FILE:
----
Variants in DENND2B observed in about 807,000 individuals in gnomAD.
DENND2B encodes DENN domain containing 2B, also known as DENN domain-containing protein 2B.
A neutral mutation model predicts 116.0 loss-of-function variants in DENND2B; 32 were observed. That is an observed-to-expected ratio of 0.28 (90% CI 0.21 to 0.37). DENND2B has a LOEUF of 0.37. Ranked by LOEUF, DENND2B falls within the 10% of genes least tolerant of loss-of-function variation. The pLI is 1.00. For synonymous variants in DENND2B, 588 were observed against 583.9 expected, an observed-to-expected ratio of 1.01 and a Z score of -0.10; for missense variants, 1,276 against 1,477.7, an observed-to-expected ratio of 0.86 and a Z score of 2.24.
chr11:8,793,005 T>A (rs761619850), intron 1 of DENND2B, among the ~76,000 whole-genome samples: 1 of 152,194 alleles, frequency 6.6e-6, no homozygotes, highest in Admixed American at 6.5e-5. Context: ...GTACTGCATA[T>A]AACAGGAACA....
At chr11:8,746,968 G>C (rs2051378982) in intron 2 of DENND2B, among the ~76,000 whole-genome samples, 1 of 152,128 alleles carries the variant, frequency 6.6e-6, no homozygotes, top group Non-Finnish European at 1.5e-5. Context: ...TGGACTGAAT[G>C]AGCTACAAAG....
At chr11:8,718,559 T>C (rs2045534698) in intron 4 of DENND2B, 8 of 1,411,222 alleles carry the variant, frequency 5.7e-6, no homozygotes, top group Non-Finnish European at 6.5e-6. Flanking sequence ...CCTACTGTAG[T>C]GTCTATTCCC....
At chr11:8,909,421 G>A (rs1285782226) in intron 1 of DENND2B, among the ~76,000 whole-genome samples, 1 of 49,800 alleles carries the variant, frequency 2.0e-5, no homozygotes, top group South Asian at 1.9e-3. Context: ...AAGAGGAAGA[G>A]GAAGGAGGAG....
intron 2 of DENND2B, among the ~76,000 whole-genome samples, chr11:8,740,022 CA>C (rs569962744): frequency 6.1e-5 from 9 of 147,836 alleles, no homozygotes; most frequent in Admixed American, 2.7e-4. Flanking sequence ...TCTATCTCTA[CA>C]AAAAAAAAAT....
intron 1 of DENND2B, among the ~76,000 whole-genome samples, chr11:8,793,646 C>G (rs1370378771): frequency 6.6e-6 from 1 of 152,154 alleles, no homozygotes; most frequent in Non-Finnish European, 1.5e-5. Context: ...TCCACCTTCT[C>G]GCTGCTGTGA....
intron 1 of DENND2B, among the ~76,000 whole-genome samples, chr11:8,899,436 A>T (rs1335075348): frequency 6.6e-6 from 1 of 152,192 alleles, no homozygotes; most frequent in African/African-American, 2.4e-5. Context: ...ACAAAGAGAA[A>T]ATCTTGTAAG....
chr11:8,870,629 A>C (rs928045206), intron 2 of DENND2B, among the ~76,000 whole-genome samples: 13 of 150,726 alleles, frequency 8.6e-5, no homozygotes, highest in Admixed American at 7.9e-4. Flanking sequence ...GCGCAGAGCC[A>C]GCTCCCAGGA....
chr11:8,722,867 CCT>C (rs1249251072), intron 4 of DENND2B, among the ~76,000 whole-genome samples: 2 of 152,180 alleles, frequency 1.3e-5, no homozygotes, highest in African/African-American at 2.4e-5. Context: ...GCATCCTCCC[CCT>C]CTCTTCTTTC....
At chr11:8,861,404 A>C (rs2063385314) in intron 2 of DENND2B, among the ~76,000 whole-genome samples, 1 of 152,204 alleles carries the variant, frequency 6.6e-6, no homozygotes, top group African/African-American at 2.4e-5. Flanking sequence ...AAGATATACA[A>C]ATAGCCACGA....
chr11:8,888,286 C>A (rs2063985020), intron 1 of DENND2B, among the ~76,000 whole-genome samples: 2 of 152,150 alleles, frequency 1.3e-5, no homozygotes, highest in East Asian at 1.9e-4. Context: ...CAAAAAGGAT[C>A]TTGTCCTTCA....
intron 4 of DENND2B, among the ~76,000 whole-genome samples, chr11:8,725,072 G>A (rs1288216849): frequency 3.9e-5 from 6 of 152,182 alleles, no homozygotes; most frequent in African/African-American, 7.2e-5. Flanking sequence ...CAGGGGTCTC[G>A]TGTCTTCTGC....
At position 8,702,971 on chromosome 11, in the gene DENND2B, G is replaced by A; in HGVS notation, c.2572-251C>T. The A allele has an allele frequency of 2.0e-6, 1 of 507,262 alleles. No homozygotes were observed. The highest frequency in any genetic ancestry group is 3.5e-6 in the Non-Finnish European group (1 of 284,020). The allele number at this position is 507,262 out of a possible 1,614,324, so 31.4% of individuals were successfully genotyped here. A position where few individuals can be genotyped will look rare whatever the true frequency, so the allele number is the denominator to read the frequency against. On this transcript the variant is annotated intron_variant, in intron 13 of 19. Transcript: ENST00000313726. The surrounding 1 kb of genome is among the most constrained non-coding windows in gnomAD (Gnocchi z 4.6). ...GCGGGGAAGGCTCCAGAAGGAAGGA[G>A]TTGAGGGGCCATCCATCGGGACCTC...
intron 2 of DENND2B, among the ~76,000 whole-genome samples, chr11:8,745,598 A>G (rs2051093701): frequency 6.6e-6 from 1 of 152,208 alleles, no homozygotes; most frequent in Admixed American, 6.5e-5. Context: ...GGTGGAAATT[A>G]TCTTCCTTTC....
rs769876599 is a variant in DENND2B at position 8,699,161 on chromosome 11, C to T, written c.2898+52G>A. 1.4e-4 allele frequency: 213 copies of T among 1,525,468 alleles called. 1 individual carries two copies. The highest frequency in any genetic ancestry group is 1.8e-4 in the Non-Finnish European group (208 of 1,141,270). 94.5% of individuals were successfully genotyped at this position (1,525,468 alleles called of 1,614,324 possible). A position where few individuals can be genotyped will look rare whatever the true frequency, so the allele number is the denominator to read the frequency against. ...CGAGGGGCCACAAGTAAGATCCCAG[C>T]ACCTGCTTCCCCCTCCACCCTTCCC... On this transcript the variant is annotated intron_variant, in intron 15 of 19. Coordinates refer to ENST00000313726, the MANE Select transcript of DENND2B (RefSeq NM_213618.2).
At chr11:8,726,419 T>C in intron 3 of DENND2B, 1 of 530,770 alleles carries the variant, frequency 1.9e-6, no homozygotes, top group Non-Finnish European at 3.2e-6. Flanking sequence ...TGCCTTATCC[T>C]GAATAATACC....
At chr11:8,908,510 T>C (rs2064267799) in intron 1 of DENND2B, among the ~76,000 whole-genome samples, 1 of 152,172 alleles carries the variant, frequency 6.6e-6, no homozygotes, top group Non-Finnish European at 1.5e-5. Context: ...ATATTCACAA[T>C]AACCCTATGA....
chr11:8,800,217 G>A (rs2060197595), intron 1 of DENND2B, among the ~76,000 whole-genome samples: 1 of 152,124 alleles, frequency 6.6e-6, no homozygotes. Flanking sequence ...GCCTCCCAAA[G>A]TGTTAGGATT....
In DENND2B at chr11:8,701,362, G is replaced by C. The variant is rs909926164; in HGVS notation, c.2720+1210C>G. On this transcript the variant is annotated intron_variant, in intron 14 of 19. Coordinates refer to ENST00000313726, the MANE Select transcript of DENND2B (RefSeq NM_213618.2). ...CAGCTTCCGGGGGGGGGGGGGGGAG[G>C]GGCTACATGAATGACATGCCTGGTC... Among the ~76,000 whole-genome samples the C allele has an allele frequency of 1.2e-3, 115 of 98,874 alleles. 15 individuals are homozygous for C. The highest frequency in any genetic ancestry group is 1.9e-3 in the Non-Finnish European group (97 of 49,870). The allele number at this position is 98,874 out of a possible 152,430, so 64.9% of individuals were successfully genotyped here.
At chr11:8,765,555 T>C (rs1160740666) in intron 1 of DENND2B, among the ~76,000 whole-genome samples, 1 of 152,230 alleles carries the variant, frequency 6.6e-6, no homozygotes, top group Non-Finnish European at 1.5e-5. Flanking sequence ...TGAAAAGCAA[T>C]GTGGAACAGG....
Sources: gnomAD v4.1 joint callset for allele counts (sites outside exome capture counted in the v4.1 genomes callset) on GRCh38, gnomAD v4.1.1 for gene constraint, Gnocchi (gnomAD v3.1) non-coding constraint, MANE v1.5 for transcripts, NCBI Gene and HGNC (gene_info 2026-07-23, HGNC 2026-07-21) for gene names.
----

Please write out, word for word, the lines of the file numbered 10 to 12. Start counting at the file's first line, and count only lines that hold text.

intron 1 of DENND2B, among the ~76,000 whole-genome samples, chr11:8,899,436 A>T (rs1335075348): frequency 6.6e-6 from 1 of 152,192 alleles, no homozygotes; most frequent in African/African-American, 2.4e-5. Context: ...ACAAAGAGAA[A>T]ATCTTGTAAG....
chr11:8,870,629 A>C (rs928045206), intron 2 of DENND2B, among the ~76,000 whole-genome samples: 13 of 150,726 alleles, frequency 8.6e-5, no homozygotes, highest in Admixed American at 7.9e-4. Flanking sequence ...GCGCAGAGCC[A>C]GCTCCCAGGA....
chr11:8,722,867 CCT>C (rs1249251072), intron 4 of DENND2B, among the ~76,000 whole-genome samples: 2 of 152,180 alleles, frequency 1.3e-5, no homozygotes, highest in African/African-American at 2.4e-5. Context: ...GCATCCTCCC[CCT>C]CTCTTCTTTC....